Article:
So the Wayside does things the new way. They play for free on places like Main Street. They make EPs. Their music is on ReverbNation. Their Facebook fan page draws plenty of attention. They’ve got a YouTube channel.

They’ve also got a manager — Staples grad Michael Mugrage (who toured with Orleans and Ronnie Spector, and worked with James Brown and Bruce Hornsby).

The Wayside not only plays smart; they are smart. Dustin is a rising sophomore at Middlebury College. After a year at Vassar, Danny is transferring to Tufts. Sam is entering his first year at the New England Conservatory, while Devon has one more year at Staples.

They’re not sure what’s ahead after college. But they love what they do; they love playing with each other. They’re heartened by their very enthusiastic fans (including Tommy Byrne, who made guitars for Steely Dan).

Keep your eyes — and especially your ears — open for The Wayside. Catch their raw videos on YouTube, and like them on Facebook.

And check them out on a Main Street near you. It may not be Bleecker Street, but everyone starts somewhere.

(Click below for 3 Wayside YouTube videos.)

Jeremy And Dustin Say: “Teach Here!”

This past spring, Staples students Jeremy Dreyfuss and Dustin Lowman were casting about for an interesting end-of-the-year senior internship.

Media production teacher Jim Honeycutt wanted something real, authentic and important for them.

Meanwhile, superintendent of schools Elliott Landon and director of human resources Marge Cion needed a video to show job candidates — potential teachers — what the Westport school district is all about.

It sounded like a great idea.  But it turned out nothing like what the educators expected.

Whew.

“I originally thought it would be a recruitment-type thing — very factual, not real personal,” Dr. Landon says.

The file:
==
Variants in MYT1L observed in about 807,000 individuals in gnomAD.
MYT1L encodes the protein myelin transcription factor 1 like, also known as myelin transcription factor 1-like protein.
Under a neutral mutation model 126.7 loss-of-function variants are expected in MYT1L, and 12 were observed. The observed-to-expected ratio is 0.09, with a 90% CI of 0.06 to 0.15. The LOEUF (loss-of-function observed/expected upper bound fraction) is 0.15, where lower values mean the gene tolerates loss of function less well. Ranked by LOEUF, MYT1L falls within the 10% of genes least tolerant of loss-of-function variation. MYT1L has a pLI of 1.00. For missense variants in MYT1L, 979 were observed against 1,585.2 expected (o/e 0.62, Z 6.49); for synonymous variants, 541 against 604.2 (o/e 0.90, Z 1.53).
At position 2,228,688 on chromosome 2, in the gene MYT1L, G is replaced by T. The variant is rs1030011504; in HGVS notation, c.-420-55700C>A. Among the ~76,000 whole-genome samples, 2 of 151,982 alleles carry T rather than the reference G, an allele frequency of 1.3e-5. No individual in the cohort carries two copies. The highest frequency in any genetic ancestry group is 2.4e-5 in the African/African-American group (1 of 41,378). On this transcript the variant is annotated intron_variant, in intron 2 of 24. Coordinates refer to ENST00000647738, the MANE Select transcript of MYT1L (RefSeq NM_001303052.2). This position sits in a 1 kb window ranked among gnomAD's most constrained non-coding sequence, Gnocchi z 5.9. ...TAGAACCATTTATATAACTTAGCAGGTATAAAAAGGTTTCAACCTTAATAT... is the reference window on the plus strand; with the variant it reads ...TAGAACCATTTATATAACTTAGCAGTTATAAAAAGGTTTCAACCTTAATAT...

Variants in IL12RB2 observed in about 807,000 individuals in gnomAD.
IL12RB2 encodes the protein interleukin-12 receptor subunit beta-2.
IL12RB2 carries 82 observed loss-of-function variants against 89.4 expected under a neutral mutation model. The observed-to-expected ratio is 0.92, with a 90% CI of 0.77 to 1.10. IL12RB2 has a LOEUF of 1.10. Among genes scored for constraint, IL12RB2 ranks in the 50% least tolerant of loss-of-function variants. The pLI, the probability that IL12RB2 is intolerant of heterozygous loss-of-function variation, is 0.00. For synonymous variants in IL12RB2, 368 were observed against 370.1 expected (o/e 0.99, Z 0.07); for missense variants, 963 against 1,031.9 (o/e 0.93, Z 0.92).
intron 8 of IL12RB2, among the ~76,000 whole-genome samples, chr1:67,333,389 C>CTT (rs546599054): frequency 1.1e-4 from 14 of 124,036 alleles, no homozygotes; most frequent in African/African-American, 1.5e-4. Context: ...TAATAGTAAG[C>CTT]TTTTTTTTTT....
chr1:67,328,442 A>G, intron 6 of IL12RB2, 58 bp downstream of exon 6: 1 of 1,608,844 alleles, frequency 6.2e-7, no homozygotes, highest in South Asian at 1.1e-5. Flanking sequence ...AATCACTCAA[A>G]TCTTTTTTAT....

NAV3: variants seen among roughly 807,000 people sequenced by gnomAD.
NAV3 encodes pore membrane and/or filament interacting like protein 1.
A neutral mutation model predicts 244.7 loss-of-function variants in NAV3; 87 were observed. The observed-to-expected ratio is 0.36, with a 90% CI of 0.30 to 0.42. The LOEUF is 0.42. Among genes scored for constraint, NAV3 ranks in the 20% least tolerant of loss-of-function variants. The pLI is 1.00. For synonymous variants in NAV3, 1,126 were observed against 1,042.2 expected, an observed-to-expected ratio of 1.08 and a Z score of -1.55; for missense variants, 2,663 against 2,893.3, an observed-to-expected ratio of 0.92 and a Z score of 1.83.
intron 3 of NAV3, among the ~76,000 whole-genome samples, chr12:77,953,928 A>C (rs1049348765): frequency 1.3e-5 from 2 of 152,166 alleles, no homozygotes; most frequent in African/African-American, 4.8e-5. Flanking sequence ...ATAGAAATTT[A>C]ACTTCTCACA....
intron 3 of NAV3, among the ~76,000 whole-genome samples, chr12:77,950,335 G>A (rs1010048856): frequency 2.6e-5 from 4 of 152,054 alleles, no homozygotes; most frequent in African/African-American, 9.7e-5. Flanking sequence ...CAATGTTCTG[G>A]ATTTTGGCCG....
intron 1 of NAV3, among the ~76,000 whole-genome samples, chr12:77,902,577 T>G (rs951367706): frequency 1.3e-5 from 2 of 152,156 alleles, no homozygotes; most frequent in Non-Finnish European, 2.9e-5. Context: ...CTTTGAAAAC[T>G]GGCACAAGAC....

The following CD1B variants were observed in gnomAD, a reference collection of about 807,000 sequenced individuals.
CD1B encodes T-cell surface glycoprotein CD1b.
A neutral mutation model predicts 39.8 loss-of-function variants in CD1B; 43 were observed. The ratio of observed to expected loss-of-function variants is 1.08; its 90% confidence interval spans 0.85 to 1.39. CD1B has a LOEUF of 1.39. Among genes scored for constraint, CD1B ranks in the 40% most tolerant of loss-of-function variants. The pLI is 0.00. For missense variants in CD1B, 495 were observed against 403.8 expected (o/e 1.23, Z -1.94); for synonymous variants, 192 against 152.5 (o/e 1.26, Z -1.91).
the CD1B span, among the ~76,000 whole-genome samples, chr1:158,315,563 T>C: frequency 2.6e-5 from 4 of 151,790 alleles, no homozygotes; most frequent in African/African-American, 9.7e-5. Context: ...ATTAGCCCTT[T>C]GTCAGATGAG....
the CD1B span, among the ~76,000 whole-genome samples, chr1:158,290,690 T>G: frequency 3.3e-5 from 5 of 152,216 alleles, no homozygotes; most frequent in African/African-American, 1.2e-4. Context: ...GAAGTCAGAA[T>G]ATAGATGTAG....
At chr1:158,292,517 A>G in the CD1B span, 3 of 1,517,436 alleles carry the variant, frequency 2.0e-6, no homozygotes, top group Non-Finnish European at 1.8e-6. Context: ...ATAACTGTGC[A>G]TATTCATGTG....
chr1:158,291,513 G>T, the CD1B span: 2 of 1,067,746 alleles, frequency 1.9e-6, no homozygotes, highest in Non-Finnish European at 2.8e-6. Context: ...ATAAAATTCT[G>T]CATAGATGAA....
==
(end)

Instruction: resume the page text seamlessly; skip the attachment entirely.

That’s not what Jeremy and Dustin had in mind.

The longtime friends decided to revisit their old schools, and talk to former teachers.

They took their video camera to King’s Highway Elementary  School and Coleytown Middle.  There — and of course at Staples — they conducted interviews and shot film.  They researched the schools and town, added special footage, and produced a professional-looking video that gives anyone considering teaching here a unique teenage/inside view of the system.

Which, now that the Westport educators think about it, is entirely the point.

“This really makes a memorable impression,” Dr. Landon notes.  “Their personal insights and affection for the district really come across strongly.  It’s very creative and different.”

In the video, Jeremy and Dustin say that they continue to visit former teachers.  They add, “some of our deepest connections” were made in school.

They filmed a wide variety of teachers:  men and women of different ages, backgrounds and subject matters.

The seniors asked questions like “How did you end up in Westport?”  And, “What do kept you here?”

The answers — delivered in each teacher’s personal style — include concepts like “the environment,” “the experiences,” “the challenge,” “being in the forefront” and “learning from colleagues.”

And — over and over and over again — “the kids.”

Dr. Landon proudly posted the video on the district website’s human resources page.

Before clicking “play,” prospective teachers learn that students here are empowered to use their creativity.

Once they watch the 12-minute video, potential applicants are even more impressed.

“If someone is looking for an environment in which kids themselves say they had a fabulous experience — they loved their teachers, learned a lot and grew here — that will have a real positive impact on the type of people we’re trying to attract,” Dr. Landon says.

Who will then influence the next generations of Dustin Lowmans and Jeremy Dreyfusses, who in turn…